An antique gun set to go on the auction block next month comes with an incredible back story tied to Wichita.
The trouble is, it may not be true.
“Bad Billy Hart was killed in a wild west shoot out in Wichita, Kansas in 1874” reads the description of Lot 407 from Cowan’s Auctions in Cincinnati. “This firearm was used in the shoot out and taken as evidence. The police department added the evidence number on the bottom of the back strap.”
Indeed, the back strap is marked with Wichita Police Department evidence number JA057-3028T.
Never miss a local story.
But Wichita police records for evidence numbers go back only to 1970, Sgt. Nikki Woodrow, spokeswoman for the department, said in an e-mail. “Unfortunately , the WPD cannot confirm the legitimacy of this weapon,” she wrote.
Kansas historians also question the gun’s history.
“I think it’s made up,” said cowboy historian Jim Gray, director of the National Drovers Hall of Fame in Ellsworth. “I think somebody has gone to a great effort to make it appear legit.
“I can’t imagine the police would have filed numbers like this in the 1870s.”
The starting auction price on the gun – a Colt Army cut-down – is $1,000. Its estimated value is between $2,000 and $2,500, said Billy Lewis, assistant director of firearms at Cowan’s Auctions.
A similar gun in mint condition, Lewis said, might bring between $10,000 and $15,000.
Whether it was used in an 1874 shootout may be in doubt, but it is nevertheless a credible gun with a story, Lewis said.
“What I can guarantee is that the early western silent film actor William S. Hart had this in his collection,” Lewis said. “He was a known collector in the firearms world.”
Hart was born in New York state in 1864. He was especially popular during the 1920s and starred in several silent films, including one called “Tumbleweeds” made in 1925 about Caldwell and one of the land runs into Oklahoma.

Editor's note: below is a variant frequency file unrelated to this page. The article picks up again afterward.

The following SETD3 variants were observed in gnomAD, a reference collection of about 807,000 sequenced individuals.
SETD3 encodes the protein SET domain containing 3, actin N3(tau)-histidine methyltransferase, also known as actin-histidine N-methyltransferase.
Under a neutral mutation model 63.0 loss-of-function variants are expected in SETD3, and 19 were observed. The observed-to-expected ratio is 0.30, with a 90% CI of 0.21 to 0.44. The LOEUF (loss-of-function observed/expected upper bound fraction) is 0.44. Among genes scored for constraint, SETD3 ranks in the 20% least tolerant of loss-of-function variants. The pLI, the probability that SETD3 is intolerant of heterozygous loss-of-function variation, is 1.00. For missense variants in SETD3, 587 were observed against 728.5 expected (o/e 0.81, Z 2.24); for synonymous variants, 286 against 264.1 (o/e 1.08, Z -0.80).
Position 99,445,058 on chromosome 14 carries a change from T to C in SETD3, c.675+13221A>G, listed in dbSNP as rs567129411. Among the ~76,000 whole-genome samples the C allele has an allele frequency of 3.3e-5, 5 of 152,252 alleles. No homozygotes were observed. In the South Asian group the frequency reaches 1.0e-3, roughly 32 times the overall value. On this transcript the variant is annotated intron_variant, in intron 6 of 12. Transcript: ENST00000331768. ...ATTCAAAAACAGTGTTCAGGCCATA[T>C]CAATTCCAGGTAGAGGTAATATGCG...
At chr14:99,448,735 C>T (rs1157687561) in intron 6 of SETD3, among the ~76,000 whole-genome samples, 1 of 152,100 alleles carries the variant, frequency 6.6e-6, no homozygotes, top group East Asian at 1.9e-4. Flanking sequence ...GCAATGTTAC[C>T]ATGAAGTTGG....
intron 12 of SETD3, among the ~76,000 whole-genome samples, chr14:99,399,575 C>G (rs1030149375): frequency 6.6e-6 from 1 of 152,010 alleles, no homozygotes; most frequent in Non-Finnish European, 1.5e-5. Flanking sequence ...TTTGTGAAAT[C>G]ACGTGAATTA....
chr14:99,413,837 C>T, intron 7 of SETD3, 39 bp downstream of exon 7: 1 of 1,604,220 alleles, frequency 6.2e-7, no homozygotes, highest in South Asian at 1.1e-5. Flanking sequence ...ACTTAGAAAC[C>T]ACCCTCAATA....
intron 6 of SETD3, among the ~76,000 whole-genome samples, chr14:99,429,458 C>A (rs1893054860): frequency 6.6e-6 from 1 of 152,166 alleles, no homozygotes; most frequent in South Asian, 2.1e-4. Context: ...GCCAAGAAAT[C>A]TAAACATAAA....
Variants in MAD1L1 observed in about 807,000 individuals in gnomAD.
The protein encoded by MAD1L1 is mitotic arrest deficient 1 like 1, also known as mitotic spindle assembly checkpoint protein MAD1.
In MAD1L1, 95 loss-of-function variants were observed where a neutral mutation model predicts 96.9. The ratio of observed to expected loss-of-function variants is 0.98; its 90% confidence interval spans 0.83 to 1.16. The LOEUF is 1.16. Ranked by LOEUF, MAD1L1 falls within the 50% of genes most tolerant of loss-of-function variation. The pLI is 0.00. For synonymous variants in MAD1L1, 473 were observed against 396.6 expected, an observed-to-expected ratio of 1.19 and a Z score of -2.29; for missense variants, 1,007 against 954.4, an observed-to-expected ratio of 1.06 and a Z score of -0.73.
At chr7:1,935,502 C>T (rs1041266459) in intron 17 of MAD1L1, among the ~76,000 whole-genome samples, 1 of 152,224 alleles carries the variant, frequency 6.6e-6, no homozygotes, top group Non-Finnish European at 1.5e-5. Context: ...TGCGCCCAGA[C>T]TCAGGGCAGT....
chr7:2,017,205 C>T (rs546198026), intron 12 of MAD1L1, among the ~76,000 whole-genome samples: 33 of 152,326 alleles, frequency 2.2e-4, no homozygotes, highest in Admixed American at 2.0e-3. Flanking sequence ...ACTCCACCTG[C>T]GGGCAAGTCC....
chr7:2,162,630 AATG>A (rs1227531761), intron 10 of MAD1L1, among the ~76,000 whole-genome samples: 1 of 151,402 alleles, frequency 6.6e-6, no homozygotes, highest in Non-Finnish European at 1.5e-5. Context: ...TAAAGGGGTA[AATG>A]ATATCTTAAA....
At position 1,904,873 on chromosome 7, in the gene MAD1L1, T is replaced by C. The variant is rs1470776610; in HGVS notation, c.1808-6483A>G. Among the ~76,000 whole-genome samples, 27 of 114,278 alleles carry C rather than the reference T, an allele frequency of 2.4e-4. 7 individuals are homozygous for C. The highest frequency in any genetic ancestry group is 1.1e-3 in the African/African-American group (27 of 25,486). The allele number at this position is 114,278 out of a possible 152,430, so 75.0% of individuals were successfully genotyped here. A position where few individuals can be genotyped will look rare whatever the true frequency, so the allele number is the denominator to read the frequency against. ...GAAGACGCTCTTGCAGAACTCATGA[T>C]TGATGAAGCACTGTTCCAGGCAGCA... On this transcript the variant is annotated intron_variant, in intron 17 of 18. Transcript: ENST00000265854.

“It was a cool movie. It is full of dust and grit,” Gray said. “He rides like the wind and is an excellent rider. He was just enamored with the cowboy way of life.”
Two letters adding some provenance to the gun are also included in the sale, Lewis said.
One is dated Feb. 2, 1936, from Hart stating he had this gun in his collection and gave it to J. Gonzalez-Vidal, a ranch hand of Hart’s. A second letter is dated June 12, 1948, verifying the first letter from Ramona Vidal, a relative of J. Gonzalez-Vidal’s.
In the cowtown days of Wichita, there were indeed shootouts.
In the 1870s, there were villains and numerous troubled souls on Wichita’s streets – and lawmen like Bat Masterson and Wyatt Earp to clean up after them.
In 1871, Jack Ledford – a notorious gunman, gang leader and sheriff-elect – was killed behind a Wichita saloon.
By 1872, Wichita had signs posted at all four main entrances into town, saying: “Everything Goes In Wichita. Leave your revolvers at police headquarters and get a check. Carrying concealed weapons strictly forbidden.”
In the summer of 1872, a gang rode into town from Texas. Their leader was Bill Martin, known as “Hurricane Bill.”
According to the “History of Wichita” by O.H. Bentley, “They used to ride around shooting up the town and committing all kinds of depredations, until the people were well nigh frenzied.”
That is, until the townspeople stood up to them. But no one was killed, Gray said.
And, indeed, there appears to be no known reports of the killing of a “Bad Billy” Hart, said James Vannurden, curator at Old Cowtown Museum.
David Chesanow, a historical-letter collector from Olympia, Wash., called The Eagle on Tuesday to talk about the gun.
“Part of my job is to research,” Chesanow said. “I check stuff all the time.
“As a collector, I know people make all sorts of claims. If you are a collector, you have to do due diligence. I did some research and could not find any reference to Bad Billy.”
Go to http://bit.ly/2pDqbys.